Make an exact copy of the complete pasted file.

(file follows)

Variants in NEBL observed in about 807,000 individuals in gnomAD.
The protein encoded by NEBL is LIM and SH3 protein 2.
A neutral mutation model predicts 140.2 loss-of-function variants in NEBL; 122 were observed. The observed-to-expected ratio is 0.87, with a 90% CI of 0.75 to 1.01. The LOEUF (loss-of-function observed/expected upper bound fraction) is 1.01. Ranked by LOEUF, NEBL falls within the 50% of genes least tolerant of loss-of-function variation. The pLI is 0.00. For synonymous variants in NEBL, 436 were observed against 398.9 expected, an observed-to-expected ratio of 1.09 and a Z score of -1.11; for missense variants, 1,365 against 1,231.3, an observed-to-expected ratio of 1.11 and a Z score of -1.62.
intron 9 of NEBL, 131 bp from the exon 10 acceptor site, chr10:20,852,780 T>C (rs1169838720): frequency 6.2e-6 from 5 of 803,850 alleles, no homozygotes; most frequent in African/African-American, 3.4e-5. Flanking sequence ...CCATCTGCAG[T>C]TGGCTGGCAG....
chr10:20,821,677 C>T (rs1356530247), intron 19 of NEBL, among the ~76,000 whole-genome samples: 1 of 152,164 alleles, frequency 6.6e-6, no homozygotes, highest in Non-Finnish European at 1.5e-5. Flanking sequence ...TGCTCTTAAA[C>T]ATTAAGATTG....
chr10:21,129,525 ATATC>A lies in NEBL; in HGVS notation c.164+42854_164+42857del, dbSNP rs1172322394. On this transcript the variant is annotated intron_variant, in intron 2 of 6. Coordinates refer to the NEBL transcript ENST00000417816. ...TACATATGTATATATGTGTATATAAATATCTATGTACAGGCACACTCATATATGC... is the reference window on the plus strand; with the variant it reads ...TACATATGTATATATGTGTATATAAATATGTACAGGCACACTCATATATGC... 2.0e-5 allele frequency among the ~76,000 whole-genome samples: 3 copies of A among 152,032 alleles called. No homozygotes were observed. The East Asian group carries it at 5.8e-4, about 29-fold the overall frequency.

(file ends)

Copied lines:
Variants in NEBL observed in about 807,000 individuals in gnomAD.
The protein encoded by NEBL is LIM and SH3 protein 2.
A neutral mutation model predicts 140.2 loss-of-function variants in NEBL; 122 were observed. The observed-to-expected ratio is 0.87, with a 90% CI of 0.75 to 1.01. The LOEUF (loss-of-function observed/expected upper bound fraction) is 1.01. Ranked by LOEUF, NEBL falls within the 50% of genes least tolerant of loss-of-function variation. The pLI is 0.00. For synonymous variants in NEBL, 436 were observed against 398.9 expected, an observed-to-expected ratio of 1.09 and a Z score of -1.11; for missense variants, 1,365 against 1,231.3, an observed-to-expected ratio of 1.11 and a Z score of -1.62.
intron 9 of NEBL, 131 bp from the exon 10 acceptor site, chr10:20,852,780 T>C (rs1169838720): frequency 6.2e-6 from 5 of 803,850 alleles, no homozygotes; most frequent in African/African-American, 3.4e-5. Flanking sequence ...CCATCTGCAG[T>C]TGGCTGGCAG....
chr10:20,821,677 C>T (rs1356530247), intron 19 of NEBL, among the ~76,000 whole-genome samples: 1 of 152,164 alleles, frequency 6.6e-6, no homozygotes, highest in Non-Finnish European at 1.5e-5. Flanking sequence ...TGCTCTTAAA[C>T]ATTAAGATTG....
chr10:21,129,525 ATATC>A lies in NEBL; in HGVS notation c.164+42854_164+42857del, dbSNP rs1172322394. On this transcript the variant is annotated intron_variant, in intron 2 of 6. Coordinates refer to the NEBL transcript ENST00000417816. ...TACATATGTATATATGTGTATATAAATATCTATGTACAGGCACACTCATATATGC... is the reference window on the plus strand; with the variant it reads ...TACATATGTATATATGTGTATATAAATATGTACAGGCACACTCATATATGC... 2.0e-5 allele frequency among the ~76,000 whole-genome samples: 3 copies of A among 152,032 alleles called. No homozygotes were observed. The East Asian group carries it at 5.8e-4, about 29-fold the overall frequency.